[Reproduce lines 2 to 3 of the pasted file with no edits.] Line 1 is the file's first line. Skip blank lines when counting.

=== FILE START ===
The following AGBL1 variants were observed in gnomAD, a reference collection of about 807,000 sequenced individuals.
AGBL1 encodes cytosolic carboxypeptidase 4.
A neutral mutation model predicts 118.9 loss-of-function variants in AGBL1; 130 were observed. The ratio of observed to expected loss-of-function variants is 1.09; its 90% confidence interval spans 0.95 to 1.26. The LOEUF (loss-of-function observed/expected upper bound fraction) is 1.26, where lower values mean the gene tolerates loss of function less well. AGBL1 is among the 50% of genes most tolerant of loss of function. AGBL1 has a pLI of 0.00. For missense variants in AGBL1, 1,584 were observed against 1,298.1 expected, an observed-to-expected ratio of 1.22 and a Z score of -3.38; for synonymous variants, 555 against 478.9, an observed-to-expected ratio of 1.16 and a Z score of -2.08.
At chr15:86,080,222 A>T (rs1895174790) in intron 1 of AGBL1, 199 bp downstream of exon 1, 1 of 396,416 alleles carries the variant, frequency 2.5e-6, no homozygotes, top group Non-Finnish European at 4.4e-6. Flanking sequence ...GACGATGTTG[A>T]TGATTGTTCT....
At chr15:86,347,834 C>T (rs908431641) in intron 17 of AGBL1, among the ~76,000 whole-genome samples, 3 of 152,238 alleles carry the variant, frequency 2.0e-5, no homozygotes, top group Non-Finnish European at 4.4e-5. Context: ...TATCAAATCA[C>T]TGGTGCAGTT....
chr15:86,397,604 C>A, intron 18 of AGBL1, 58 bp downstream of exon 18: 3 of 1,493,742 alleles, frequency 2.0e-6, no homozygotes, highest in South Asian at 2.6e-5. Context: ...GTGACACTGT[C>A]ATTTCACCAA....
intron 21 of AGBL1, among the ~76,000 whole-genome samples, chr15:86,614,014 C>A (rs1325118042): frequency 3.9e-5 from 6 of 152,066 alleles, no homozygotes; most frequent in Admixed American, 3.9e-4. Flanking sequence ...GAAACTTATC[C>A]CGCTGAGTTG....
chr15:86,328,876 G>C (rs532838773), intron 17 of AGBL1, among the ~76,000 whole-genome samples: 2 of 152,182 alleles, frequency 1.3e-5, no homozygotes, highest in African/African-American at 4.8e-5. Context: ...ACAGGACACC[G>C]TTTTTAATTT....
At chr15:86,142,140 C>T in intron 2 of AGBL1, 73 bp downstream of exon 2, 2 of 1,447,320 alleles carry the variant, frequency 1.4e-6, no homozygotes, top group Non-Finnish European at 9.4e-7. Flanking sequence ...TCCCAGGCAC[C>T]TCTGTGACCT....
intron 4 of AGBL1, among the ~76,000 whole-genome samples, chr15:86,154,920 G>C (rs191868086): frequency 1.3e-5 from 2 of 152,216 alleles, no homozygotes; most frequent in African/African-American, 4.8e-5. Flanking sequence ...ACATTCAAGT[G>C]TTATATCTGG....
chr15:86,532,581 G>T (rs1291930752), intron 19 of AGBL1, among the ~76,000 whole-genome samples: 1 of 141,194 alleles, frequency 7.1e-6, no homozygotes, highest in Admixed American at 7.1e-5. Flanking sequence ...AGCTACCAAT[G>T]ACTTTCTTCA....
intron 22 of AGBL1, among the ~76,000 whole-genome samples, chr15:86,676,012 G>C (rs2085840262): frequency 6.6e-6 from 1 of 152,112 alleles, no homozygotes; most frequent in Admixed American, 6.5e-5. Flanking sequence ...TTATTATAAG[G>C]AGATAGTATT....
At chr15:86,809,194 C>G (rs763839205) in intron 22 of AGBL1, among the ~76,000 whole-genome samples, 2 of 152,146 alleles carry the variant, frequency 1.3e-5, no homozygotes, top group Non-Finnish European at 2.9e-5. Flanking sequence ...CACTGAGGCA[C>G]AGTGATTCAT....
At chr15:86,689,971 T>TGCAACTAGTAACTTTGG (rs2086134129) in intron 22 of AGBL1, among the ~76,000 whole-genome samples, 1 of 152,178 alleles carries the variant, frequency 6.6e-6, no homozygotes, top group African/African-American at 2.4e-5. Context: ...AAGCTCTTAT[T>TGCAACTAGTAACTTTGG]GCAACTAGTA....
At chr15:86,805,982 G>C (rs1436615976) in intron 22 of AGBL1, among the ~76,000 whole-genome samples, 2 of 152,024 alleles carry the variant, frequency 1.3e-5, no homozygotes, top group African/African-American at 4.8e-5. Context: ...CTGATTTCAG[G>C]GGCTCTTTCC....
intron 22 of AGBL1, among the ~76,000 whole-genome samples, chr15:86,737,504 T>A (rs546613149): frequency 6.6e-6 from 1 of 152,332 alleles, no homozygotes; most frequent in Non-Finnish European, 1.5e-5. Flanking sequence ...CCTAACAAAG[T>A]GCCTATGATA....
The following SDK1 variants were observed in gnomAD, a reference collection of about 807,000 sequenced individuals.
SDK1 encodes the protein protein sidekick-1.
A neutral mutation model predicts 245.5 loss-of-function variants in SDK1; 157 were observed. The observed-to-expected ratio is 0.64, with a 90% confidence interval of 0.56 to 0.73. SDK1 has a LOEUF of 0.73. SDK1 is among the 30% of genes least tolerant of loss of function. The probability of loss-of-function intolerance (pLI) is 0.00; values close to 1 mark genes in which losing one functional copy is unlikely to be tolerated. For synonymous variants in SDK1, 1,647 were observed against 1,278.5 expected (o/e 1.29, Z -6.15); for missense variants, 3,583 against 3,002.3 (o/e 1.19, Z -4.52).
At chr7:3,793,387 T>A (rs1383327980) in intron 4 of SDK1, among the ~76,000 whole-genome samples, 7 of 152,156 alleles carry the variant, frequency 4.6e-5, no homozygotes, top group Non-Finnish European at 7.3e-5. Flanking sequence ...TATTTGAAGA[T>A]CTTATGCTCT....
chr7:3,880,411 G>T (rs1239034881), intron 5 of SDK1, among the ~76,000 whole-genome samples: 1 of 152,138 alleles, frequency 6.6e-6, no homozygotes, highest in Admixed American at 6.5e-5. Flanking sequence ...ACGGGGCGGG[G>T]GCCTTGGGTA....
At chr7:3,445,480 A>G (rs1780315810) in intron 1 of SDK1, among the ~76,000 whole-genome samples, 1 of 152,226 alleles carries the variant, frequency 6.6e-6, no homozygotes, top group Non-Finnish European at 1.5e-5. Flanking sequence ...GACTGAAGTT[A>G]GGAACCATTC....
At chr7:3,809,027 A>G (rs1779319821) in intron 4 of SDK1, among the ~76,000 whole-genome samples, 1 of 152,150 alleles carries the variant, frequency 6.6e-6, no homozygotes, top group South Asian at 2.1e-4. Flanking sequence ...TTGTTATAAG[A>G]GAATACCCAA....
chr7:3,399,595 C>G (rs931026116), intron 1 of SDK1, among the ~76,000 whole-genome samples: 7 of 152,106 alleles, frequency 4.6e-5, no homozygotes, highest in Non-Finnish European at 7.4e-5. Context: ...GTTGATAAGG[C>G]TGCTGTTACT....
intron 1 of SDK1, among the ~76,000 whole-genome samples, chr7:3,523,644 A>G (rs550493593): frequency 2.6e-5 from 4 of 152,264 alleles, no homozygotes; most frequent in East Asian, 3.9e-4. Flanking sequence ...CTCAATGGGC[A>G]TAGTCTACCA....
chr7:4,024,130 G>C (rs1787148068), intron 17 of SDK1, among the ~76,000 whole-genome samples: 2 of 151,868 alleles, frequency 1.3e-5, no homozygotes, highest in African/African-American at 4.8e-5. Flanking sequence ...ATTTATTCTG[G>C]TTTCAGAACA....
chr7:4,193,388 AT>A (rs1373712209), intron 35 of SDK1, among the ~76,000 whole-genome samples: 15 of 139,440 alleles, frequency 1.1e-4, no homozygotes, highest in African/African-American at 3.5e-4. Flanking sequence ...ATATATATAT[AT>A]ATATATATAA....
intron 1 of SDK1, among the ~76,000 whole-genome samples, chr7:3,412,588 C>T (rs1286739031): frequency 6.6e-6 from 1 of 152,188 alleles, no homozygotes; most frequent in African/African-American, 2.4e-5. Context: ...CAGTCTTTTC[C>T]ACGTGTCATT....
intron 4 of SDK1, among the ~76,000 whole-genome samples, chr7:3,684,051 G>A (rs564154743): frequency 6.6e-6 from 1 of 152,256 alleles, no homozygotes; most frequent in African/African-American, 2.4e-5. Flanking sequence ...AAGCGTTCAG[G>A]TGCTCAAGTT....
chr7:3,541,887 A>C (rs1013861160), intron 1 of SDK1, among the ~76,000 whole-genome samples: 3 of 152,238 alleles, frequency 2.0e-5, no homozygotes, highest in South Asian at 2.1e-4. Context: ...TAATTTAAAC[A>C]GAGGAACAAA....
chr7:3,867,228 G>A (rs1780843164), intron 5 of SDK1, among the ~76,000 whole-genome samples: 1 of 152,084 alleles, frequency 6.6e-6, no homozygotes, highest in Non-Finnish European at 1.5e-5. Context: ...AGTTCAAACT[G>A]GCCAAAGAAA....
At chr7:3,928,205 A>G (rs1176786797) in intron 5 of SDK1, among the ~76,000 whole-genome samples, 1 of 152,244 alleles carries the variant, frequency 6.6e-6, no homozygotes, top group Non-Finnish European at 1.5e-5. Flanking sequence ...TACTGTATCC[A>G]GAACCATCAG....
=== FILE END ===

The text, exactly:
AGBL1 encodes cytosolic carboxypeptidase 4.
A neutral mutation model predicts 118.9 loss-of-function variants in AGBL1; 130 were observed. The ratio of observed to expected loss-of-function variants is 1.09; its 90% confidence interval spans 0.95 to 1.26. The LOEUF (loss-of-function observed/expected upper bound fraction) is 1.26, where lower values mean the gene tolerates loss of function less well. AGBL1 is among the 50% of genes most tolerant of loss of function. AGBL1 has a pLI of 0.00. For missense variants in AGBL1, 1,584 were observed against 1,298.1 expected, an observed-to-expected ratio of 1.22 and a Z score of -3.38; for synonymous variants, 555 against 478.9, an observed-to-expected ratio of 1.16 and a Z score of -2.08.